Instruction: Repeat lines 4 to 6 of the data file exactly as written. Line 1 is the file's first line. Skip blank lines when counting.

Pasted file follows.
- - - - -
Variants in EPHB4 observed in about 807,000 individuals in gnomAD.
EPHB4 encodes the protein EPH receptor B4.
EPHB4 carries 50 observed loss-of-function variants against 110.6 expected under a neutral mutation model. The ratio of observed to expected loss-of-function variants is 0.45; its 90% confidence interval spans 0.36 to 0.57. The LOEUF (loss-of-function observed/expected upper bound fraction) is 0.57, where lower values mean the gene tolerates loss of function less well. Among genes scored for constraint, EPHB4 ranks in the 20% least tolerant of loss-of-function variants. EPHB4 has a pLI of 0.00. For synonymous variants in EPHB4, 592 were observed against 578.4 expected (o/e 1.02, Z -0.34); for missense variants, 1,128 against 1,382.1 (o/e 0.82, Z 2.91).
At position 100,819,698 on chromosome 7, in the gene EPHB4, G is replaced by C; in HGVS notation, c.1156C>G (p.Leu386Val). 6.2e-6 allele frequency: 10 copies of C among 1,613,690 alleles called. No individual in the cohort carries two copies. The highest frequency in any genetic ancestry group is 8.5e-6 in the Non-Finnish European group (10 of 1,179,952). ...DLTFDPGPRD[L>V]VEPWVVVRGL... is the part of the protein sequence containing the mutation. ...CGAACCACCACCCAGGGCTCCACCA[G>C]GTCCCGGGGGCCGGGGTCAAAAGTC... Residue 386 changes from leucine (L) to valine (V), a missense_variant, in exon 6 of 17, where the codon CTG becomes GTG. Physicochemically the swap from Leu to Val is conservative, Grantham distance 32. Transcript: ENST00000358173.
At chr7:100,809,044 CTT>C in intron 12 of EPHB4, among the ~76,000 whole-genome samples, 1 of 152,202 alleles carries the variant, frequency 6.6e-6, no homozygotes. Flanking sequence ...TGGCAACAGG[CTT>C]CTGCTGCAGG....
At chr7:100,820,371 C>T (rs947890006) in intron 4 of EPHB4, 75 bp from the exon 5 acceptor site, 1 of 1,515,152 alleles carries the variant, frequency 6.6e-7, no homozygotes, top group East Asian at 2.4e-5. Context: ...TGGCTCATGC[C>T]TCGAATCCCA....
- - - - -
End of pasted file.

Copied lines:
At position 100,819,698 on chromosome 7, in the gene EPHB4, G is replaced by C; in HGVS notation, c.1156C>G (p.Leu386Val). 6.2e-6 allele frequency: 10 copies of C among 1,613,690 alleles called. No individual in the cohort carries two copies. The highest frequency in any genetic ancestry group is 8.5e-6 in the Non-Finnish European group (10 of 1,179,952). ...DLTFDPGPRD[L>V]VEPWVVVRGL... is the part of the protein sequence containing the mutation. ...CGAACCACCACCCAGGGCTCCACCA[G>C]GTCCCGGGGGCCGGGGTCAAAAGTC... Residue 386 changes from leucine (L) to valine (V), a missense_variant, in exon 6 of 17, where the codon CTG becomes GTG. Physicochemically the swap from Leu to Val is conservative, Grantham distance 32. Transcript: ENST00000358173.
At chr7:100,809,044 CTT>C in intron 12 of EPHB4, among the ~76,000 whole-genome samples, 1 of 152,202 alleles carries the variant, frequency 6.6e-6, no homozygotes. Flanking sequence ...TGGCAACAGG[CTT>C]CTGCTGCAGG....
At chr7:100,820,371 C>T (rs947890006) in intron 4 of EPHB4, 75 bp from the exon 5 acceptor site, 1 of 1,515,152 alleles carries the variant, frequency 6.6e-7, no homozygotes, top group East Asian at 2.4e-5. Context: ...TGGCTCATGC[C>T]TCGAATCCCA....